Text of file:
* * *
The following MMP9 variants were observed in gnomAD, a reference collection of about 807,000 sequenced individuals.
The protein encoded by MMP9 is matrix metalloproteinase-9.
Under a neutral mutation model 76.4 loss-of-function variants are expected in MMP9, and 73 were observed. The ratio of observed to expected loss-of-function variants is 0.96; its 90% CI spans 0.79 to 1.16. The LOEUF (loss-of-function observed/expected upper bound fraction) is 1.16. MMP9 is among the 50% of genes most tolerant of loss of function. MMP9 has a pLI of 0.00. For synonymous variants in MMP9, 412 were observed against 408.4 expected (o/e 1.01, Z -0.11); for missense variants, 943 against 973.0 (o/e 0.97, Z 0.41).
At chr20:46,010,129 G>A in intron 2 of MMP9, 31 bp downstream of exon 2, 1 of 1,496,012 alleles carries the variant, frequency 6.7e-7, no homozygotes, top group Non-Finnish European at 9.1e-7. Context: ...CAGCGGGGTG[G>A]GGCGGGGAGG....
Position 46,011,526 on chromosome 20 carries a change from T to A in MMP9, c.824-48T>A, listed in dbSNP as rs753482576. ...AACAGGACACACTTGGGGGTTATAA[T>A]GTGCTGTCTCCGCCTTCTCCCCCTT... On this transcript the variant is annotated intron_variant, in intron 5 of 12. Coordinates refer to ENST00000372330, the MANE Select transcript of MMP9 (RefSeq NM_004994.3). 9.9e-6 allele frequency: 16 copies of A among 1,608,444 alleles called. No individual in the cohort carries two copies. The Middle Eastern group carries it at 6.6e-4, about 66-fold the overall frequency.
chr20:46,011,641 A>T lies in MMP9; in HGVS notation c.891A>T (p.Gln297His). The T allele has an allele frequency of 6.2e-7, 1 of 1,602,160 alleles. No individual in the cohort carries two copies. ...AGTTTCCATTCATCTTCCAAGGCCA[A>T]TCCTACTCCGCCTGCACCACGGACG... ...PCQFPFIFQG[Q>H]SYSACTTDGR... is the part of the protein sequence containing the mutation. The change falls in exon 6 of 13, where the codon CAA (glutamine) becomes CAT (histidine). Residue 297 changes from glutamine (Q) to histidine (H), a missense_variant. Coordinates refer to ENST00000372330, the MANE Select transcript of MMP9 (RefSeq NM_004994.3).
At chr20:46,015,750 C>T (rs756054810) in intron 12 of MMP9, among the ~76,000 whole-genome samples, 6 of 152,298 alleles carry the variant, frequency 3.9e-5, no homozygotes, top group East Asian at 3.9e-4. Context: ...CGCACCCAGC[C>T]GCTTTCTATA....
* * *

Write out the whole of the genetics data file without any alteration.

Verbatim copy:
The following MMP9 variants were observed in gnomAD, a reference collection of about 807,000 sequenced individuals.
The protein encoded by MMP9 is matrix metalloproteinase-9.
Under a neutral mutation model 76.4 loss-of-function variants are expected in MMP9, and 73 were observed. The ratio of observed to expected loss-of-function variants is 0.96; its 90% CI spans 0.79 to 1.16. The LOEUF (loss-of-function observed/expected upper bound fraction) is 1.16. MMP9 is among the 50% of genes most tolerant of loss of function. MMP9 has a pLI of 0.00. For synonymous variants in MMP9, 412 were observed against 408.4 expected (o/e 1.01, Z -0.11); for missense variants, 943 against 973.0 (o/e 0.97, Z 0.41).
At chr20:46,010,129 G>A in intron 2 of MMP9, 31 bp downstream of exon 2, 1 of 1,496,012 alleles carries the variant, frequency 6.7e-7, no homozygotes, top group Non-Finnish European at 9.1e-7. Context: ...CAGCGGGGTG[G>A]GGCGGGGAGG....
Position 46,011,526 on chromosome 20 carries a change from T to A in MMP9, c.824-48T>A, listed in dbSNP as rs753482576. ...AACAGGACACACTTGGGGGTTATAA[T>A]GTGCTGTCTCCGCCTTCTCCCCCTT... On this transcript the variant is annotated intron_variant, in intron 5 of 12. Coordinates refer to ENST00000372330, the MANE Select transcript of MMP9 (RefSeq NM_004994.3). 9.9e-6 allele frequency: 16 copies of A among 1,608,444 alleles called. No individual in the cohort carries two copies. The Middle Eastern group carries it at 6.6e-4, about 66-fold the overall frequency.
chr20:46,011,641 A>T lies in MMP9; in HGVS notation c.891A>T (p.Gln297His). The T allele has an allele frequency of 6.2e-7, 1 of 1,602,160 alleles. No individual in the cohort carries two copies. ...AGTTTCCATTCATCTTCCAAGGCCA[A>T]TCCTACTCCGCCTGCACCACGGACG... ...PCQFPFIFQG[Q>H]SYSACTTDGR... is the part of the protein sequence containing the mutation. The change falls in exon 6 of 13, where the codon CAA (glutamine) becomes CAT (histidine). Residue 297 changes from glutamine (Q) to histidine (H), a missense_variant. Coordinates refer to ENST00000372330, the MANE Select transcript of MMP9 (RefSeq NM_004994.3).
At chr20:46,015,750 C>T (rs756054810) in intron 12 of MMP9, among the ~76,000 whole-genome samples, 6 of 152,298 alleles carry the variant, frequency 3.9e-5, no homozygotes, top group East Asian at 3.9e-4. Context: ...CGCACCCAGC[C>T]GCTTTCTATA....